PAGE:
No Child Left Behind Act:

Improvements Needed in Education's Process for Tracking States' Implementation of Key Provisions

GAO-04-734: Published: Sep 30, 2004. Publicly Released: Sep 30, 2004.

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The No Child Left Behind Act of 2001 (NCLBA) has focused national attention on improving the academic achievement of the nations' 48 million students by establishing a deadline--school year 2013-14--for public schools to ensure that all students are proficient in reading and math. Accordingly, states, the District of Columbia, and Puerto Rico developed plans that set goals for increasing the numbers of students who attain proficiency on state tests each year, with all meeting goals by 2014. To provide information about states' efforts, GAO determined (1) what goals states established for student proficiency and their implications for whether schools will meet these goals; (2) what factors facilitated or impeded selected state and school district implementation efforts; and (3) how the Department of Education (Education) supported state efforts and approved state plans to meet student proficiency requirements.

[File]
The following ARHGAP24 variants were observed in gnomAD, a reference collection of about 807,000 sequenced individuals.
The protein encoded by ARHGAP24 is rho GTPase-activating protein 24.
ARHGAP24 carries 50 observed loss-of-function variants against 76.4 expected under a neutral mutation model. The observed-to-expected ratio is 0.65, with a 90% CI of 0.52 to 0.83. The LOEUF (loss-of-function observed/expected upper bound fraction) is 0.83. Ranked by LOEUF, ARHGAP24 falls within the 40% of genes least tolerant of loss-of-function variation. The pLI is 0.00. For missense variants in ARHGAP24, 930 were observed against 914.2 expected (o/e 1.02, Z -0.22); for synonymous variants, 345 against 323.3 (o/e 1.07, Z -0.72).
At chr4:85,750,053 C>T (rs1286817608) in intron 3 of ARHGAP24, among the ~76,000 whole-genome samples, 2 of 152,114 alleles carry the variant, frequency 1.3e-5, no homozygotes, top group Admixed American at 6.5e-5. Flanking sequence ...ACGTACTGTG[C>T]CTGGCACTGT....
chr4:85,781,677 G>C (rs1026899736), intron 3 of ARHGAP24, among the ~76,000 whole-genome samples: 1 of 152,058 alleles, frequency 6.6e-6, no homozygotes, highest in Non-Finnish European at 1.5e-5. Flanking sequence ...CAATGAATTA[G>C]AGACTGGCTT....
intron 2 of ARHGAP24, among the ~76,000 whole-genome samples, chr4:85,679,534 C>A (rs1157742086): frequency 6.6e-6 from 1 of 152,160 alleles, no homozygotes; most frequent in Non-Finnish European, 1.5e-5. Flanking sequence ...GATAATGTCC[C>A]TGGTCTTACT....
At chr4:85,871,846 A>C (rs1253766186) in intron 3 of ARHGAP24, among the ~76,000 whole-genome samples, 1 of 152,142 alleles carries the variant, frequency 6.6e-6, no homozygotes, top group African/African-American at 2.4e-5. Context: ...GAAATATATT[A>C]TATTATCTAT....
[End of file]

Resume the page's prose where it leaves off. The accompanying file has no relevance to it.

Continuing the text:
States varied in how they established proficiency goals and measured student progress, which is permitted by NCLBA so that states can address their unique circumstances. For example, states differed in the annual rates of progress they expected schools to make in order to have all of their students academically proficient by 2014 and in methods used to determine whether schools had met state goals. This variation in state approaches could affect how many schools meet their annual goals over time. State and school district officials said that their leadership's commitment to improving student achievement and technical assistance provided by an Education contractor facilitated implementation of NCLBA requirements. However, tight timeframes for determining school progress and problems with student data impeded implementation. Measuring achievement with faulty data can lead to inaccurate information on schools meeting proficiency goals. Education is working on efforts to help states improve their data systems, such as monitoring state data quality policies. Education assisted states in developing their plans for improving student proficiency and by June 10, 2003 approved, fully (11) or conditionally (41), all plans. As of July 31, 2004, Education had fully approved 28 states' plans without conditions; plans from 23 states and the District of Columbia were approved but contained conditions needed to implement NCLBA requirements. To help states, Education asked assessment experts to review all plans and provide states with on-site evaluations. Although Education officials said that they are continually monitoring states whose plans have conditions, the Department does not have a written process that delineates how and when each state will meet its conditions. In addition, by the school year (2005-06) NCLBA requires states to increase assessments. Education has developed guidance for its review and approval of states' expanded standards and assessments. However, it has not established a written plan that clearly identifies the steps required, interim goals, review schedules, and timelines. Without such written plans, states may be challenged to meet NCLBA system requirements by the 2005-06 deadline.